I just finished reading The Peregrine, by J.A. Baker, that 1967 classic of nature writing that I had somehow overlooked until now. A friend who had taken a film course from Werner Herzog two decades ago had told me that the great German filmmaker had loved The Peregrine and had quoted from it by memory in class, and that was all I needed to hear. I bought the book the next day. Immediately upon opening it I was swept away by the prose, by Baker’s limitless ability to cast each moment in the swamps and fen lands of Essex, England, in a singular, sacred light. Everyone who reads this book heralds the quality of the writing, but no praise is really enough to encapsulate what Baker is doing on the page.
He uses language as a child at play might, as a collection of “spare parts” to be repurposed in whatever form or fancy he dreams up, and the resulting prose is full of delightful invention, words placed on the page in ways no one has ever quite placed them before. Baker turns the drudgery of ethology, of following animals through the wild day after day, into a poetic manifesto, a reminder that our attention is all and everything we have to give. My son was having trouble going to sleep, so I started reading The Peregrine to him in the hopes it would calm his mind. Soon he began asking for it by name, listening and not listening as Baker pursued his birds through field and wood. I would continue reading long after my son had begun to snore. The book put both of our minds to rest in such an eloquent way.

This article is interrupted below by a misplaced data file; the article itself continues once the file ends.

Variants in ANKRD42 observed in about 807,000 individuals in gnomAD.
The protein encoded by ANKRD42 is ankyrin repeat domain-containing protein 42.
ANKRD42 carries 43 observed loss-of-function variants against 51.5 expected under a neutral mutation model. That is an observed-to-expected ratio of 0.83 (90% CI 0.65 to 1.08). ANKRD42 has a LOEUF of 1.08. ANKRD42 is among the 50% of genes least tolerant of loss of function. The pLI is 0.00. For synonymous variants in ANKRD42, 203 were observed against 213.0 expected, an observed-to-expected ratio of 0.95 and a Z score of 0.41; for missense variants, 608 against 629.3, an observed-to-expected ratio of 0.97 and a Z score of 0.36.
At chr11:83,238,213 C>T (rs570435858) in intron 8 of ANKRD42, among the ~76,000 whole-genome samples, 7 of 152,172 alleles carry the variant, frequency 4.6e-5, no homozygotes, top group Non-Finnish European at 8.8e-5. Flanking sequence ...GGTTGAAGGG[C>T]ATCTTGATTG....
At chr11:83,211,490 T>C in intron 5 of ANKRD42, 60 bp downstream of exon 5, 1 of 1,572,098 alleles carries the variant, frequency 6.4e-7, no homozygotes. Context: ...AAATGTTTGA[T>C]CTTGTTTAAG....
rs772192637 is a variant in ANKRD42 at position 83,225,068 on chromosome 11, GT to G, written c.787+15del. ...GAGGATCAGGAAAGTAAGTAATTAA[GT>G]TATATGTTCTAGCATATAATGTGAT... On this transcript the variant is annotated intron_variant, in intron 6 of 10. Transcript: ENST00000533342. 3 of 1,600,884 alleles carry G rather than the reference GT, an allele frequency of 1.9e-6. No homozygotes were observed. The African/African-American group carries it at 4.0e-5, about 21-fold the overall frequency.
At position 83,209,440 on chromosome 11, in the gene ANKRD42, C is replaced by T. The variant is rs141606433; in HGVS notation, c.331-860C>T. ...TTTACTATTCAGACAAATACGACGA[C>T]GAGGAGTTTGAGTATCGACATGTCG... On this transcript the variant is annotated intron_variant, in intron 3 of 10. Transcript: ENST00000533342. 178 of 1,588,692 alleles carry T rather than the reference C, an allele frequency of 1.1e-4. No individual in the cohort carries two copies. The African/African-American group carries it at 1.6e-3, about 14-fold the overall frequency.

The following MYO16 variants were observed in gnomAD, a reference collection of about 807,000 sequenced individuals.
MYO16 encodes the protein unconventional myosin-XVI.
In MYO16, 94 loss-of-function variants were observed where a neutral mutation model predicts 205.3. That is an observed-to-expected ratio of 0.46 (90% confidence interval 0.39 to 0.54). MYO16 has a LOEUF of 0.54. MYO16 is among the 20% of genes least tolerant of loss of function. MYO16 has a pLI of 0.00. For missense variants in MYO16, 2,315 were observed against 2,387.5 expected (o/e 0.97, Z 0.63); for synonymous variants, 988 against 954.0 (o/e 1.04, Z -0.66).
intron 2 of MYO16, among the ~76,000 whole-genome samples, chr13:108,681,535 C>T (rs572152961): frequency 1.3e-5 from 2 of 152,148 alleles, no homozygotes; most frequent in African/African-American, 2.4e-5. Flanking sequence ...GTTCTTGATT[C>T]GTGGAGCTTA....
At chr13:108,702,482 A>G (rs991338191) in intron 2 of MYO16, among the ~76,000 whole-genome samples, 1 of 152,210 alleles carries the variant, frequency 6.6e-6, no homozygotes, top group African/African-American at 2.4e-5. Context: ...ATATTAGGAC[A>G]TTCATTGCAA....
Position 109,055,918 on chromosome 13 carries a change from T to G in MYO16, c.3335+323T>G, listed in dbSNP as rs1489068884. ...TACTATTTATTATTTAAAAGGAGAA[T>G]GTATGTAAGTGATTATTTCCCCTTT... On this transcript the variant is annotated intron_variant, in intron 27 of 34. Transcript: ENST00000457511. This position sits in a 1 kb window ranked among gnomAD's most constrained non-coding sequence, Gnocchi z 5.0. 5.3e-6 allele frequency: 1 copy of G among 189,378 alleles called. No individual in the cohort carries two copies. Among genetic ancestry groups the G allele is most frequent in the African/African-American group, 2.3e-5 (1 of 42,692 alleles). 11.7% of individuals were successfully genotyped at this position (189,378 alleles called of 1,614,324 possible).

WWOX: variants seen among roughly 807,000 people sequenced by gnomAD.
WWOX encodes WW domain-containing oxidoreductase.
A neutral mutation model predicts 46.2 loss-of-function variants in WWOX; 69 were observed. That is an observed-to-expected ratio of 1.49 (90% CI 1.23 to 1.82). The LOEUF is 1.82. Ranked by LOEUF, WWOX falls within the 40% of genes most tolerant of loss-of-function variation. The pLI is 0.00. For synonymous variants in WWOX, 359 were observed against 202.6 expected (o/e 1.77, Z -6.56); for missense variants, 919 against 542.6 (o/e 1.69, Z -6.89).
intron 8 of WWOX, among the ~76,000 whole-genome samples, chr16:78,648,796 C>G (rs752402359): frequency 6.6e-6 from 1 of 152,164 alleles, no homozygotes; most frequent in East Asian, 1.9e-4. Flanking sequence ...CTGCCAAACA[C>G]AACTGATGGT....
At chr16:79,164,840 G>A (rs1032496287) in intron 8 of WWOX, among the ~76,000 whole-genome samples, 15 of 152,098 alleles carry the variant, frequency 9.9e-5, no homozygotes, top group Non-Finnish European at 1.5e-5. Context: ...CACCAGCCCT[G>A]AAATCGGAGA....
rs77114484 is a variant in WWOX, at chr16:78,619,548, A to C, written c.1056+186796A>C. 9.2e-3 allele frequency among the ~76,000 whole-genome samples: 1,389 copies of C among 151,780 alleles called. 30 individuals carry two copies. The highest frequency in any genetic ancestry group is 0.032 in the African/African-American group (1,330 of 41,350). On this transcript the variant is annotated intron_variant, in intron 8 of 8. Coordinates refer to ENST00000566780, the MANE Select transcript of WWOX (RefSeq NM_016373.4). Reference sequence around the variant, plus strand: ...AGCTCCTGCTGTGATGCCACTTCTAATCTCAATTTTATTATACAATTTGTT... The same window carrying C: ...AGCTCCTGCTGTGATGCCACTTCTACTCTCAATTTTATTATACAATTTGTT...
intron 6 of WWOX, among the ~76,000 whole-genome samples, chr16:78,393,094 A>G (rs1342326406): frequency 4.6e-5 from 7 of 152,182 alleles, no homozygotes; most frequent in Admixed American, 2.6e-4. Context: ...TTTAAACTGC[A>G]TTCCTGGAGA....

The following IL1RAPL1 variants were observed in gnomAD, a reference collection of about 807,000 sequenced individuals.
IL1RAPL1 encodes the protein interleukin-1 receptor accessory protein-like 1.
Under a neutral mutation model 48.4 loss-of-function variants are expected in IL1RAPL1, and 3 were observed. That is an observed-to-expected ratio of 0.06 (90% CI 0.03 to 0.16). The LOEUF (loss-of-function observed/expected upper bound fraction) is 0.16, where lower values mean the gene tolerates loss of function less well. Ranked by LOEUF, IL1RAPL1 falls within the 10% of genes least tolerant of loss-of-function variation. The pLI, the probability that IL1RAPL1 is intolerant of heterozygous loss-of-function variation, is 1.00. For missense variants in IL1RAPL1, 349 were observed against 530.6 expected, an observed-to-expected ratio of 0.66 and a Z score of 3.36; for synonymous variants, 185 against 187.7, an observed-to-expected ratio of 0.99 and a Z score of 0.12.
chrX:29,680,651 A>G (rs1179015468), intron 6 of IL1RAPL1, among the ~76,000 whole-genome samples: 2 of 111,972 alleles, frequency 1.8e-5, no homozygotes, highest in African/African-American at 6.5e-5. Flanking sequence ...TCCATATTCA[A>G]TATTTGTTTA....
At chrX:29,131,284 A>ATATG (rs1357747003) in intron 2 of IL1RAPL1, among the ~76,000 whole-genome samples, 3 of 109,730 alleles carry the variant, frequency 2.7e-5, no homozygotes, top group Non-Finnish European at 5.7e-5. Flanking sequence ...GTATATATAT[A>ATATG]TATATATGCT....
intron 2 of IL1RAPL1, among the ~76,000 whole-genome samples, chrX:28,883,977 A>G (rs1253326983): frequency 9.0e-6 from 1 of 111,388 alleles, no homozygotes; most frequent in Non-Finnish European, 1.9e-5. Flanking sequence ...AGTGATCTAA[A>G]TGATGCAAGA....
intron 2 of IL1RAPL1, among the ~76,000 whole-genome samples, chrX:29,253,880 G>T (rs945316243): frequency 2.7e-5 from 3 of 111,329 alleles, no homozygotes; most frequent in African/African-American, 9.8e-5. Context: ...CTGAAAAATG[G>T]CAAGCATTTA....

Andrew Westoll is the author of two books of literary nonfiction and a novel. His next book, The Zoo and You, is forthcoming from Knopf Canada.